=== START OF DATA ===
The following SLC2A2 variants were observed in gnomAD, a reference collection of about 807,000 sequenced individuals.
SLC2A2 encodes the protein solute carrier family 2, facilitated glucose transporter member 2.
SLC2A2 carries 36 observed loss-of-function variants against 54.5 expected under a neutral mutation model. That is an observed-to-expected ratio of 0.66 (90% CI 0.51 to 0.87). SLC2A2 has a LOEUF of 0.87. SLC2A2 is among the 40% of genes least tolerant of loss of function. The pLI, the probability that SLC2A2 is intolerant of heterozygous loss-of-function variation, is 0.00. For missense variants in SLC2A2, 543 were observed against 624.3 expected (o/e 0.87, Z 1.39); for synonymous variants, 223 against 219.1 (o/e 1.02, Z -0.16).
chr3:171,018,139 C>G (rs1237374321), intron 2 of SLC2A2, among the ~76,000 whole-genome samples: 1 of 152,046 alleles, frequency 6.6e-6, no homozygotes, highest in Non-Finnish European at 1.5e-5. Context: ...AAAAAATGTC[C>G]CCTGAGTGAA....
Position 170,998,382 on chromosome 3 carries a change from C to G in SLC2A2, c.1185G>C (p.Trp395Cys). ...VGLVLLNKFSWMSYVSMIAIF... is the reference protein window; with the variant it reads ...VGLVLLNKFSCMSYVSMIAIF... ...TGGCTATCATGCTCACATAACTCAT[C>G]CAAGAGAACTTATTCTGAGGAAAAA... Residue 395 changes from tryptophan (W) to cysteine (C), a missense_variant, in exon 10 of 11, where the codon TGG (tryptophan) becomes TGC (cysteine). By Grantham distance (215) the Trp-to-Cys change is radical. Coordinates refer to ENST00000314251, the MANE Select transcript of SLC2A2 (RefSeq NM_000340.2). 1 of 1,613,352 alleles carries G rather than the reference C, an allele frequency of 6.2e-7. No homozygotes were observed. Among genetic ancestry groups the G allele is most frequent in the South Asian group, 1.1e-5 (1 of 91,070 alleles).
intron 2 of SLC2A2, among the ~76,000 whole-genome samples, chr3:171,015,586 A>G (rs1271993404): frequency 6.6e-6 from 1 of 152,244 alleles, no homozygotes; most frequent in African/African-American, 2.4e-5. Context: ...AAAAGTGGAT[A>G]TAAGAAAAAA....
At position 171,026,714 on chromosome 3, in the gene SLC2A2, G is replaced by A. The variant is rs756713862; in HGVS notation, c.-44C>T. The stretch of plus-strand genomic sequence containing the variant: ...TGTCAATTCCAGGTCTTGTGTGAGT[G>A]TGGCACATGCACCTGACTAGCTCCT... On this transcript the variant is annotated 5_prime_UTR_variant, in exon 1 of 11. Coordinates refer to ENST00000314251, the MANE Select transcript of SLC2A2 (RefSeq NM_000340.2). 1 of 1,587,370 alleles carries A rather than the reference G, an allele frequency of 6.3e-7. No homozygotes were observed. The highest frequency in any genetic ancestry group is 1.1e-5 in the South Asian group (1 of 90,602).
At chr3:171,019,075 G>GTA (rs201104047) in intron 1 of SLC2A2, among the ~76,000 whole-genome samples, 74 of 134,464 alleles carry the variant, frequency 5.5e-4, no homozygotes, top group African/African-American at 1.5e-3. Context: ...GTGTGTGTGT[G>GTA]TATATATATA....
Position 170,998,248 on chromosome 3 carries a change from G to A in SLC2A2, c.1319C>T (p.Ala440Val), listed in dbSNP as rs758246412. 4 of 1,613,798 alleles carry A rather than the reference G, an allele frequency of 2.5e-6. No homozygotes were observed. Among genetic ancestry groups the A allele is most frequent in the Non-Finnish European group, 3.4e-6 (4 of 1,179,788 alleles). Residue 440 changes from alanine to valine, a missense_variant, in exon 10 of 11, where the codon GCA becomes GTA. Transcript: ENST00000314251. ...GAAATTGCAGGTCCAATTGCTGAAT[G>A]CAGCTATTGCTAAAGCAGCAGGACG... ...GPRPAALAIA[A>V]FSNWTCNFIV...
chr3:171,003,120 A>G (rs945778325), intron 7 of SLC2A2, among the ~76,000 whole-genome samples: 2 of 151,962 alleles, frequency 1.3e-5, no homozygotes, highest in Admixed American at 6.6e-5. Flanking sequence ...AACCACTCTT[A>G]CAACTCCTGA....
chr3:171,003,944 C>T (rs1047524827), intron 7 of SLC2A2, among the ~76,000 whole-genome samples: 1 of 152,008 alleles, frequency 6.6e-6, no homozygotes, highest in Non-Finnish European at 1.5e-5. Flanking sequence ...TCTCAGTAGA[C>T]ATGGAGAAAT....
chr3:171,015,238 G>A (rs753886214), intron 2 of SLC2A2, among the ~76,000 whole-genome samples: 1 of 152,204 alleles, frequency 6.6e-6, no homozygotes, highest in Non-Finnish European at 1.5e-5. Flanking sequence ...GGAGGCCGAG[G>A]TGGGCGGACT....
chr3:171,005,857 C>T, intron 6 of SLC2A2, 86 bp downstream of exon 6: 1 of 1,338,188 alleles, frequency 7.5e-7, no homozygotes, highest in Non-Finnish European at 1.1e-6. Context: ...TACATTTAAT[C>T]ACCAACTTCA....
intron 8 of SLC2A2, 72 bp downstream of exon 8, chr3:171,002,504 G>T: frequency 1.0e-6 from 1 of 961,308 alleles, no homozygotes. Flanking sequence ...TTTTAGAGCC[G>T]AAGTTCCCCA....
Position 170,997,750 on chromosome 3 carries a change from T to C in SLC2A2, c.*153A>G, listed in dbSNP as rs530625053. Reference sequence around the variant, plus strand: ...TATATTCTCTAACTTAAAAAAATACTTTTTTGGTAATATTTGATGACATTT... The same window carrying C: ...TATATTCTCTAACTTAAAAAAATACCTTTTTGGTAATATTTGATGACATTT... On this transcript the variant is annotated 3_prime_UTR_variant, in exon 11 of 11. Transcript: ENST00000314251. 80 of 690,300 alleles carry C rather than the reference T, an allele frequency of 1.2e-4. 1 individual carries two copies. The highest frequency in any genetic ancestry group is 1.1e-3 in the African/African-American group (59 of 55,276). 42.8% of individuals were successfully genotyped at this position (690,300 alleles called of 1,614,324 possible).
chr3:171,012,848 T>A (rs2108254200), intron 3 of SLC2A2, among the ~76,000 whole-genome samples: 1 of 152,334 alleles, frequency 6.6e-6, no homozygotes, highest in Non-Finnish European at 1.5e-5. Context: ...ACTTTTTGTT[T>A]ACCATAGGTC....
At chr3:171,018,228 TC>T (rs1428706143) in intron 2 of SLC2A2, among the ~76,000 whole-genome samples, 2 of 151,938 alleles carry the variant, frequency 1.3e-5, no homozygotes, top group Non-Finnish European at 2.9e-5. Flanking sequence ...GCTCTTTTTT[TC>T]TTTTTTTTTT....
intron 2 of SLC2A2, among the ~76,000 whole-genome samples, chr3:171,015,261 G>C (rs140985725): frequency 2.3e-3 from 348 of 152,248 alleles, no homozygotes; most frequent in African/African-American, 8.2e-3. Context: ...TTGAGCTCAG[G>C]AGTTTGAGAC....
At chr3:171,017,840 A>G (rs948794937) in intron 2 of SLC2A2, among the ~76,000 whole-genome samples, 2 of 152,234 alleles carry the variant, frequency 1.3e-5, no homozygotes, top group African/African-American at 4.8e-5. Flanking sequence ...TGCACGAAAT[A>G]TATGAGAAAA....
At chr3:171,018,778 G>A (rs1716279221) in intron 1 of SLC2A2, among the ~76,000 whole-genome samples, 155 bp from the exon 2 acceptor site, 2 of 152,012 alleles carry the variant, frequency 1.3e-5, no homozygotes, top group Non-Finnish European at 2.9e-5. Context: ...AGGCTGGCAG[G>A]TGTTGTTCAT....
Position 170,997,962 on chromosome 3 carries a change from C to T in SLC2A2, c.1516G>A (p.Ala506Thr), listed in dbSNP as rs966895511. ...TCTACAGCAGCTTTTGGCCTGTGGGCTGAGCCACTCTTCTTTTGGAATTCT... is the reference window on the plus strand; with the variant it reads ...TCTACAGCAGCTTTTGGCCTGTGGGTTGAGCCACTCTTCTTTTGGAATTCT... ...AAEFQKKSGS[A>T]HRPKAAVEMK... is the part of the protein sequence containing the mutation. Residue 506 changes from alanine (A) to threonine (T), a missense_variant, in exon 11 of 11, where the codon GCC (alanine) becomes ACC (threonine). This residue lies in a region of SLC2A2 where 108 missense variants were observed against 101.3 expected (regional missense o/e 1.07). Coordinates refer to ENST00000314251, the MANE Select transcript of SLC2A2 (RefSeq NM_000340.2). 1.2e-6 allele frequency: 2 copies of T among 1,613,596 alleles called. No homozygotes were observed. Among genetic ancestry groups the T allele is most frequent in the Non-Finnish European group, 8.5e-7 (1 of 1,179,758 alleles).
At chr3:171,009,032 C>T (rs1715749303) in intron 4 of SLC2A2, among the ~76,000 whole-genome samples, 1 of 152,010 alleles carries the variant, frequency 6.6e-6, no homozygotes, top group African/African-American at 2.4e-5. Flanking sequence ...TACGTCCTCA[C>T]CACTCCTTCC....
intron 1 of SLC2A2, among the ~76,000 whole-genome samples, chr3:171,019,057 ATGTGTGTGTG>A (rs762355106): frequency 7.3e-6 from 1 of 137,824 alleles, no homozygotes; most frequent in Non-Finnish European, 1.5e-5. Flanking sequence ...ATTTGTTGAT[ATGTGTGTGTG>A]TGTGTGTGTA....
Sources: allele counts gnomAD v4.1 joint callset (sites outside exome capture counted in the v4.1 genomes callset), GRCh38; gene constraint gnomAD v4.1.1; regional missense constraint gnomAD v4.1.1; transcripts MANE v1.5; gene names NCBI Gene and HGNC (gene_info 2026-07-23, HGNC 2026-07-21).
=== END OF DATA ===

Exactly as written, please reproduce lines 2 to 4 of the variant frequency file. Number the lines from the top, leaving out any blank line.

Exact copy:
SLC2A2 encodes the protein solute carrier family 2, facilitated glucose transporter member 2.
SLC2A2 carries 36 observed loss-of-function variants against 54.5 expected under a neutral mutation model. That is an observed-to-expected ratio of 0.66 (90% CI 0.51 to 0.87). SLC2A2 has a LOEUF of 0.87. SLC2A2 is among the 40% of genes least tolerant of loss of function. The pLI, the probability that SLC2A2 is intolerant of heterozygous loss-of-function variation, is 0.00. For missense variants in SLC2A2, 543 were observed against 624.3 expected (o/e 0.87, Z 1.39); for synonymous variants, 223 against 219.1 (o/e 1.02, Z -0.16).
chr3:171,018,139 C>G (rs1237374321), intron 2 of SLC2A2, among the ~76,000 whole-genome samples: 1 of 152,046 alleles, frequency 6.6e-6, no homozygotes, highest in Non-Finnish European at 1.5e-5. Context: ...AAAAAATGTC[C>G]CCTGAGTGAA....